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Close Is Good Enough

Clippers let a 16-point lead get away, but they hold off Nuggets in opener, 89-87

April 23, 2006|Jason Reid | Times Staff Writer

This playoff stuff is new for the Clippers, so it might take them a while to get things figured out.

Of course, the on-the-job training could be fun.

The Clippers seemed to enjoy their first postseason experience in nine seasons, withstanding the Denver Nuggets' late rally in an 89-87 victory before a raucous sellout crowd at Staples Center.

Vladimir Radmanovic made two free throws with 59.8 seconds remaining, and Denver's Carmelo Anthony missed a potential tying shot at the buzzer, helping the Clippers overcome a series of mistakes down the stretch in their first playoff victory since May 5, 1993, against the Houston Rockets.

The playoffs are as exhilarating as many of the Clippers' first-time participants thought they would be, and as gut-wrenching too.

"The intensity was turned way, way up," said Elton Brand, who scored a team-high 21 points. "It was a lot of fun. It's great.

"We got a feel for the playoffs, for the guys who haven't been here before, and for the intensity and how the refs call it."

In their first playoff game at Staples Center, the Clippers utilized a balanced attack on offense to take the lead in the best-of-seven series while maintaining their home-court advantage.

So, did the Clippers' lack of postseason experience have a negative effect for them?

"The only part [of tonight's game] that the guys didn't know about was that they [officials] don't blow a lot of whistles," Coach Mike Dunleavy said. "The guys expected to get a few calls they didn't get."

In addition to Brand, Sam Cassell scored 19, Cuttino Mobley had 17 and Chris Kaman contributed 15 points and 13 rebounds. Moreover, the Clippers limited the Nuggets, the NBA's best running team, to 10 fastbreak points.

Anthony and Andre Miller scored 25 apiece for Denver, but Anthony missed 17 of 26 field-goal attempts, including all eight in the fourth quarter.

"Getting the first game is super huge," Mobley said. "That's what the home-court advantage is for.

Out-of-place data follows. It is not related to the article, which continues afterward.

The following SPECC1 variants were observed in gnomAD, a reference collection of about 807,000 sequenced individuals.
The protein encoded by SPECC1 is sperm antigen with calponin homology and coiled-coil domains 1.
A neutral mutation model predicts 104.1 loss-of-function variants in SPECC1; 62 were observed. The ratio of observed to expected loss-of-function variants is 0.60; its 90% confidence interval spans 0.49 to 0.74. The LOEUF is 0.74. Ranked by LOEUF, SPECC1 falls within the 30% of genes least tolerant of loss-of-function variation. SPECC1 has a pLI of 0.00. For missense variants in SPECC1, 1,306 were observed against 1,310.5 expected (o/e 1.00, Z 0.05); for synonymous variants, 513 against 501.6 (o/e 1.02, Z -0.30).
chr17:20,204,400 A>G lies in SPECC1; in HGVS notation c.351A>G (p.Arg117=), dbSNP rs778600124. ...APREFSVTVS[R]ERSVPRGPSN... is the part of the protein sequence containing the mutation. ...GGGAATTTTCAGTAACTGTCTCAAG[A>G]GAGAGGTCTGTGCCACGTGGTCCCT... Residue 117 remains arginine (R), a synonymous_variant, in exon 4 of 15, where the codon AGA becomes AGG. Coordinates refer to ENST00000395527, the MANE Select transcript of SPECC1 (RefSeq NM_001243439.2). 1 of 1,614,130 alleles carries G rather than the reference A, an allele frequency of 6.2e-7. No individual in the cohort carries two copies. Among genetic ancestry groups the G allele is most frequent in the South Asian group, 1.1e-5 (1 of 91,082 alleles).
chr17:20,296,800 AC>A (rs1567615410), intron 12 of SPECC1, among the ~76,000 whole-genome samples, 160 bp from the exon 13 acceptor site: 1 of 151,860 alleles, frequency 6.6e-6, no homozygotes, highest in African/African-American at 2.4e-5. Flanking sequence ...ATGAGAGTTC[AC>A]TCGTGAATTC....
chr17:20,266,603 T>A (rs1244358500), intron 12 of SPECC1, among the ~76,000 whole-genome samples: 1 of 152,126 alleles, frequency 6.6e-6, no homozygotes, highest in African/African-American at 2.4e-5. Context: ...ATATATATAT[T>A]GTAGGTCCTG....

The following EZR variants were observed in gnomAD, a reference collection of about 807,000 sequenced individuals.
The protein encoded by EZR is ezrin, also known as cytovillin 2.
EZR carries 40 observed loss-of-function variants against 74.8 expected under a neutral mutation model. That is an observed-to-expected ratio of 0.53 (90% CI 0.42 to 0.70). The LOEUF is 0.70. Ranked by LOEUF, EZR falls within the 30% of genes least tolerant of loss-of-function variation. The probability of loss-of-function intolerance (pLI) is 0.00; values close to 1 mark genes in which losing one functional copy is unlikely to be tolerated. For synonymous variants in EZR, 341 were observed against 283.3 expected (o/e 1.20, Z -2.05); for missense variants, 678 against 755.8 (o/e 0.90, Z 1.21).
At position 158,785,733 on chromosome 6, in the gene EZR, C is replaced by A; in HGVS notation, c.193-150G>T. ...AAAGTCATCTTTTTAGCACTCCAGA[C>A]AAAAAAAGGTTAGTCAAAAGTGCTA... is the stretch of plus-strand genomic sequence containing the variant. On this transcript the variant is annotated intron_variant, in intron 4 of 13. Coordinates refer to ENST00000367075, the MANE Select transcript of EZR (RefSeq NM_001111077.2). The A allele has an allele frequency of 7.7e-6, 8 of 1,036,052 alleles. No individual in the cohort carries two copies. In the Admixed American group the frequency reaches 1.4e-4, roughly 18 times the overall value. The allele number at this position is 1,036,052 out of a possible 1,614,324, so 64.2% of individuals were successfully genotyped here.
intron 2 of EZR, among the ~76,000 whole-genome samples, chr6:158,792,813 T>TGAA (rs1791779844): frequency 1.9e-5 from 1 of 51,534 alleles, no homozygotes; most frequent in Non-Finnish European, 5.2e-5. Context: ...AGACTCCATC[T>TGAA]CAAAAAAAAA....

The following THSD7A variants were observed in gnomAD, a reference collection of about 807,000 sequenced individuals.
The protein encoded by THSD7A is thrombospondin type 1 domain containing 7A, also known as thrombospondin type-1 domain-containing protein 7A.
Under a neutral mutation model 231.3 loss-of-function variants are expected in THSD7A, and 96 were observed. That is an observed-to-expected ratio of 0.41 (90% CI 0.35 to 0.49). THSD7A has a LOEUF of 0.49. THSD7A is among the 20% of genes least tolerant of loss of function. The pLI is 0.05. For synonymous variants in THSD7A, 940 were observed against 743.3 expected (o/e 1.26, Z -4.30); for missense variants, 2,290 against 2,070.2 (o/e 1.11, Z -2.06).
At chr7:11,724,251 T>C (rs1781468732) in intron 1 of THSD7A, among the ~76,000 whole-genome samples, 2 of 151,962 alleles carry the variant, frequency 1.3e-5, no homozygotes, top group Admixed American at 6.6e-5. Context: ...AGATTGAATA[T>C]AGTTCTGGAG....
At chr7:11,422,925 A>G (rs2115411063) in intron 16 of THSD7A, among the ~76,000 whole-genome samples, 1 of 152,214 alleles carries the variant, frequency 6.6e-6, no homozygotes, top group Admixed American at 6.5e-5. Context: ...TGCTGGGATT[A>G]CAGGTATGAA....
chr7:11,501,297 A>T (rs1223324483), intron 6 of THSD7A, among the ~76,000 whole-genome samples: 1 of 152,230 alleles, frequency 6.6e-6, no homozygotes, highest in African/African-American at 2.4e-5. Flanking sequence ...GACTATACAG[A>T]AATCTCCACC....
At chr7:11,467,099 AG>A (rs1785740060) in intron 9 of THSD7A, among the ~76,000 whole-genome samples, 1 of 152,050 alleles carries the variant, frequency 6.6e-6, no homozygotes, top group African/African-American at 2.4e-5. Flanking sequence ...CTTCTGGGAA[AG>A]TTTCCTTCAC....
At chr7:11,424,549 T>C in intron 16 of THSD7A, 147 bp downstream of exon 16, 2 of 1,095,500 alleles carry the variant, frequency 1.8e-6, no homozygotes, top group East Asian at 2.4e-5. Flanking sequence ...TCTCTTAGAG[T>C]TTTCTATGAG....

"You have more games than they do at home, and you have to take advantage of it. To win that first game is a big thing."

They had to work hard for it in the end.

With Mobley providing long-range production, he Clippers took a 16-point lead late in the third quarter, on his consecutive three-pointers.

But their offense stalled when Cassell, who led the Clippers with seven assists, went to the bench for a break.

They went more than six minutes without scoring in one stretch from the end of the third to the start of the fourth.

Denver, which had 19 offensive rebounds, went on a 12-0 run to pull within 76-72 with 9:09 left, prompting Dunleavy to call a timeout.

"We always feel we can beat this team and win the series," Denver center Marcus Camby said. "We dug ourselves a hole, being down 16 and expending so much energy trying to tie the game. We didn't have enough to get over the top."

Cassell returned after the timeout and made a three-pointer to give the Clippers a seven-point cushion. Kaman then went to work, scoring seven points in an 8-2 spurt that gave the Clippers another double-digit lead at 87-77 with 4:10 to play.

But the Nuggets wouldn't go away.

The Clippers appeared jittery down the stretch, committing turnovers on four of their final six possessions. Denver scored 10 unanswered points, tying the score at 87-87 on Miller's fastbreak layup with 1:08 left.

"I was disappointed in the second half," Dunleavy said. "We had a 16-point lead and we let them get back into the game based on offensive boards and loose balls."

After Radmanovic was called for a charge, Denver had the ball with 24 seconds to go, trailing by two. But Anthony missed his last two shots, and the Clippers escaped.

"Give the Clippers credit," Anthony said. "They stuck to the game plan, trying to take the ball out of my hands and make someone else beat them. It was in our hands to win the game."

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